There’s something about deer.
I’m not sure if we can go quite as far as saying everybody loves deer. But I do think we can say there are at least as many people who love deer as ever loved Raymond.
And it seems something akin to a universal truth that when someone has a real-life encounter with a deer, planned or unexpected, the reaction involves plenty of swooning, and, sometimes, elbowing other people out of the way for a better look. Which doesn’t seem very deer-like.
But for many, even just seeing a deer on television, or the big screen, or online seems to trigger a giddy, weak-kneed response.
So, against that backdrop, The Dillie Phenomeon makes perfect sense.
Dillie is, well, a deer. A White Tail Deer, to be precise. Dillie lives with veterinarian Dr. Melanie Butera, and her husband, Steve Heathman at their Ohio home nestled on a sprawling plot of land, encompassing a barn and swimming pool.
‘She proves to me that every life is a gift’: A National Geographic profile of Dillie, heartwarming and moving, narrated by Dr. Melanie Butera
And when I say Dillie lives with them, perhaps I should be more explicit: The deer lives inside their home, and she has her own bedroom.
Moreover, in that bedroom, there is a webcam (the Dilliecam) that has helped turn Dillie into an international Internet sensation and major media figure. But I’m getting ahead of the story here. Let’s first sort out how Dillie entered the picture. And entered Butera’s home.
“I used to run an emergency clinic–that was our business til 2004—and a deer farmer brought her in at about two in the morning,” recalled Butera, whose practice was known to include treating wildlife, in an April interview on Talking Animals.
“She was three days old, she hadn’t nursed at all, and she was born blind. He raises bucks, so her being a doe—she was no value to his farm.
“And he told me, for whatever reason, ‘I brought her to you. If you want to save her, you can have her. I don’t want to pay any money to treat her, but if you want to treat her at your own expense, you can have her.’ So that’s how she came into our lives.”
Mark Zinni, whose idea the Dillie webcam was, hosts a brief profile of Dillie for FOX 8 News (WJW) in Cleveland
Okay, that constitutes a decent opening chapter, but there’s clearly much more to this somewhat absurdist Dillie saga. (So much so, in fact, that Butera wrote a book, Dillie The Deer: Love On Hooves). For instance, Butera has explained here how Dillie ended up in her care, but not how the deer ended up residing in her home…with her own bedroom, no less. Heck, why not the barn?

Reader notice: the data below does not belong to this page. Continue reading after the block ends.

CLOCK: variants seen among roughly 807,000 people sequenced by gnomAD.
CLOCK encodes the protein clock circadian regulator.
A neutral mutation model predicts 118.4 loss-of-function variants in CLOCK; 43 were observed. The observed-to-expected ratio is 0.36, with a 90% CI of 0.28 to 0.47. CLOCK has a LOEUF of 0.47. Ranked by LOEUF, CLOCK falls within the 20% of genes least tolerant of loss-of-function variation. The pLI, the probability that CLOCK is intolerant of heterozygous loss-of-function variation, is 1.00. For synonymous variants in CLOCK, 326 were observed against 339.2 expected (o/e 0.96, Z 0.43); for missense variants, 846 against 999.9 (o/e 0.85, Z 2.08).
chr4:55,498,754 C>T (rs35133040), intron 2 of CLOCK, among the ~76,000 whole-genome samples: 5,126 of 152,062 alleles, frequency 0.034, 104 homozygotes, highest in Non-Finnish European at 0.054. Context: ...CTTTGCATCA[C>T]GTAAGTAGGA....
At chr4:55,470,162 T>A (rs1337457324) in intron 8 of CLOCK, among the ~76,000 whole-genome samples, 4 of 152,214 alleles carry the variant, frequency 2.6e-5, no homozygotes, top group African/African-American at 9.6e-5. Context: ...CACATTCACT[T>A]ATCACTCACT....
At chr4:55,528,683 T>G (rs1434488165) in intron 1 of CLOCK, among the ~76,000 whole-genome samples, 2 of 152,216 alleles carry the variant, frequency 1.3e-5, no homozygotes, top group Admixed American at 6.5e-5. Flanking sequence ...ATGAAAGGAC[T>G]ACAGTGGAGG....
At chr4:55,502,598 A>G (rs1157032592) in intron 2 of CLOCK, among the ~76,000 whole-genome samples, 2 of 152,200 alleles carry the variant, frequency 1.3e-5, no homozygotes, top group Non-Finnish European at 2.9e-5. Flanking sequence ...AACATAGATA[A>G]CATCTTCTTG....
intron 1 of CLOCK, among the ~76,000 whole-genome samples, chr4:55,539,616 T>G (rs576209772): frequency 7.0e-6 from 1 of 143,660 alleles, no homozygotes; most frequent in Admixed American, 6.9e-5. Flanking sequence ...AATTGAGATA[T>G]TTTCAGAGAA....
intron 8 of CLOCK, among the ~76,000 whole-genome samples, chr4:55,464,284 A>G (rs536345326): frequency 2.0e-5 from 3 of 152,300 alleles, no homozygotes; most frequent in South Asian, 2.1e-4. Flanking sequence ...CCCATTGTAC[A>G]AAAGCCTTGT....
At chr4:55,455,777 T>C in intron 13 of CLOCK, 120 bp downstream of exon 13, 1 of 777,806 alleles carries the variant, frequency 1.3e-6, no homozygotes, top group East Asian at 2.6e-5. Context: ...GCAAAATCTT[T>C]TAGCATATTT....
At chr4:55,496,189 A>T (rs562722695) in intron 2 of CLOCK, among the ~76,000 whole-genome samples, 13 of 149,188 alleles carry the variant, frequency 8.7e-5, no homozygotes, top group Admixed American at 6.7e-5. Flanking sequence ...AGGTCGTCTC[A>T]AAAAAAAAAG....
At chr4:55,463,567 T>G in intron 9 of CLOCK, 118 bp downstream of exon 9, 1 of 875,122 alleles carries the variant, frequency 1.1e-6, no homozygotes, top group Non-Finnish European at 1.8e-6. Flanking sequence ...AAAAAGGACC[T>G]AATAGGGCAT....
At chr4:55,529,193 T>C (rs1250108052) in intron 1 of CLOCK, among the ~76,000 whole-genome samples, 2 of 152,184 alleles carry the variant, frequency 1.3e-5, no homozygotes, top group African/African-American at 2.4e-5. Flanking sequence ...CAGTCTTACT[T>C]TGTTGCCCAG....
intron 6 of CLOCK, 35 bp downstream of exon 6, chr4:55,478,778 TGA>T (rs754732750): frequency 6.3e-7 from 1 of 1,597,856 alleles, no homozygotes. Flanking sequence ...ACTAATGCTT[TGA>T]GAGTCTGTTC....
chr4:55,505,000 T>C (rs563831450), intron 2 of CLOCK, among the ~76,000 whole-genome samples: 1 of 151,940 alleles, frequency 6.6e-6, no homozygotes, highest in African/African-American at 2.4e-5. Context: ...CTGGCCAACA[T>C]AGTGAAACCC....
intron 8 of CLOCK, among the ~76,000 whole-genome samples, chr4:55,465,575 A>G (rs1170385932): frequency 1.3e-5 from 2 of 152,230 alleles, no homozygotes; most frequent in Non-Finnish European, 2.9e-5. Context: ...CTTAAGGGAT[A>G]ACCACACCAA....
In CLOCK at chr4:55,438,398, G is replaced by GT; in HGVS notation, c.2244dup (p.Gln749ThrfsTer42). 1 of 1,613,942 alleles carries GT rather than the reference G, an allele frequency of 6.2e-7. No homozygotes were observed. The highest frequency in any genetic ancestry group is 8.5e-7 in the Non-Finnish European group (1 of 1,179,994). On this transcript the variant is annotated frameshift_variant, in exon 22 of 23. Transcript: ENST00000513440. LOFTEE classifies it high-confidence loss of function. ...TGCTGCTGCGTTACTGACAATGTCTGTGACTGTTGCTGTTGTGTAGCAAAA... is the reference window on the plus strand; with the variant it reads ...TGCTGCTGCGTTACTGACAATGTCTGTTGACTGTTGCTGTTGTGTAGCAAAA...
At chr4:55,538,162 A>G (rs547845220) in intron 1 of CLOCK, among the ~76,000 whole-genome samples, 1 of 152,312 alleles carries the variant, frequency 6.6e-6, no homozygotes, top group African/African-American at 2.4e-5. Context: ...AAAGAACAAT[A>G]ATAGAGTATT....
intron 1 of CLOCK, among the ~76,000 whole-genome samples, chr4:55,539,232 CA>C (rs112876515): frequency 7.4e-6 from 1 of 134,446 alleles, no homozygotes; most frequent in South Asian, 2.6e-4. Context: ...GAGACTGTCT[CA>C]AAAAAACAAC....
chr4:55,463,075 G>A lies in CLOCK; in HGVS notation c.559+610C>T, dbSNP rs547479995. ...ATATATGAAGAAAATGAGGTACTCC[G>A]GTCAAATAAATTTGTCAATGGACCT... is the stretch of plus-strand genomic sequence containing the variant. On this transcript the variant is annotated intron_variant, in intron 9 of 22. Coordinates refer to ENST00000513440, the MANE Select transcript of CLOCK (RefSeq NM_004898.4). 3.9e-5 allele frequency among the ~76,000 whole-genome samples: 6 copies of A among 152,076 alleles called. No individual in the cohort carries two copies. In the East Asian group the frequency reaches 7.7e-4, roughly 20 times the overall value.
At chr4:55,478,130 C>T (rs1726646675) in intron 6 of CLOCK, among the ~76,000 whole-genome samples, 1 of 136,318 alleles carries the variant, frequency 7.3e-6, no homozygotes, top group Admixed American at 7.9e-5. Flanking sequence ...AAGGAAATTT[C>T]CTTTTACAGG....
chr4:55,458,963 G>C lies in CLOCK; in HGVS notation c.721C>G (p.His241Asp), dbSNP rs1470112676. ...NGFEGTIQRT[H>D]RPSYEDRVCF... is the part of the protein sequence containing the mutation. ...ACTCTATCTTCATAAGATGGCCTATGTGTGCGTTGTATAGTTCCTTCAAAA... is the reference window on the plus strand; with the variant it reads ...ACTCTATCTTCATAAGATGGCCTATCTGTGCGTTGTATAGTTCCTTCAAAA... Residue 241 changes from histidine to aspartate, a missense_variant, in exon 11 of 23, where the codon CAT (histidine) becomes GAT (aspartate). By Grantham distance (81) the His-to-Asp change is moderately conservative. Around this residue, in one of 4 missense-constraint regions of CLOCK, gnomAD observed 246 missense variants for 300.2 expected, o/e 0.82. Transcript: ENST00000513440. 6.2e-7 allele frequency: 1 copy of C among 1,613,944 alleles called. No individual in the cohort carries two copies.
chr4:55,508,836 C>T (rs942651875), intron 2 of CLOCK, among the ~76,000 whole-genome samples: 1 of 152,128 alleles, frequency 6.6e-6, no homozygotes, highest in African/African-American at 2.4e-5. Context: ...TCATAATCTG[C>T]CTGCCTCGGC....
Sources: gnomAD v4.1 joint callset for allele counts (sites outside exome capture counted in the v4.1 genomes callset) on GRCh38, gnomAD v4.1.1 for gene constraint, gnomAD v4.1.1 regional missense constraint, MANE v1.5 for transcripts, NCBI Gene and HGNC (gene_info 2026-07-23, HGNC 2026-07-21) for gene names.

“Well, we originally planned for her to be in the barn,” she said, “and my husband built an addition to our barn for her. But she was terrified of the horses. Terrified. And she would just run, in a blind panic, away from them. So we thought we’d better just keep her in the house, because she’s too little for this.
“She just started following our dog around, and became very dog-like, was housebroken, and one day we came in, and she was up on the bed with the dog—upstairs. She had taught herself to go upstairs. So it was quite an adventure of discovery for her, and for us, because every day there was something new she did that amazed us.”
In her book, Butera relates another notable example of Dillie doing something new that amazed them: One day, when the deer was a youngster, Heathen went for a dip in their pool, and the next thing he knew, Dillie was alongside him–deftly swimming laps.
In some ways, these surprises underscore a significant point—disclaimer, really—that Butera articulates in the book, on the Dillie The Deer website and every other opportunity that she can seize: Strongly recommending that people never try keeping a deer as a house pet.
These ongoing admonitions are driven by recognizing—and seeking to have others recognize–that the Dillie situation represents the confluence of multiple unusual factors (the runt of her litter, born blind, rejected by her mother, the man who owned the deer farm also didn’t want her, that Butera is a vey, there was no way to release Dillie into the wild, etc.), rendering it an absolutely singular scenario.
“It is a very unique situation,” Butera said. “And her partial blindness and her total lack of fear of us and the house are a big part of it, as well. Some deer, especially if they’re blind like that, are very, very skittish.
“But she was never like that. She climbed those stairs. She jumped on the bed–she jumped in the pool and swam. Nothing scares her that way. Strange dogs scare her, strange noises scare her. But in the house, she’s completely at ease.”
A partially blind deer that lives in a home, walks upstairs, goes swimming in the pool, hangs out with a dog on the bed, loves pasta, and does other remarkable things doesn’t seem likely to remain a well-kept secret.
Indeed, once word was out, the rise of Dillie’s profile was fast and furious.
“The way she got famous in the first place is that I had purchased a GPS collar for her for $99,” she recalled. “And my husband was complaining about the $99. When I went online to register it, [the company] had an announcement, ‘Enter a video on how you use your collar, and you could win $1000.’
“I thought, I’m going to win this, and that will show him, and that wlll shut him up about the $99. That’s truly why I did it. I put the video together, and Dillie won the contest….It was an advertising campaign, and they released it to the media, with a press release, around Christmas time.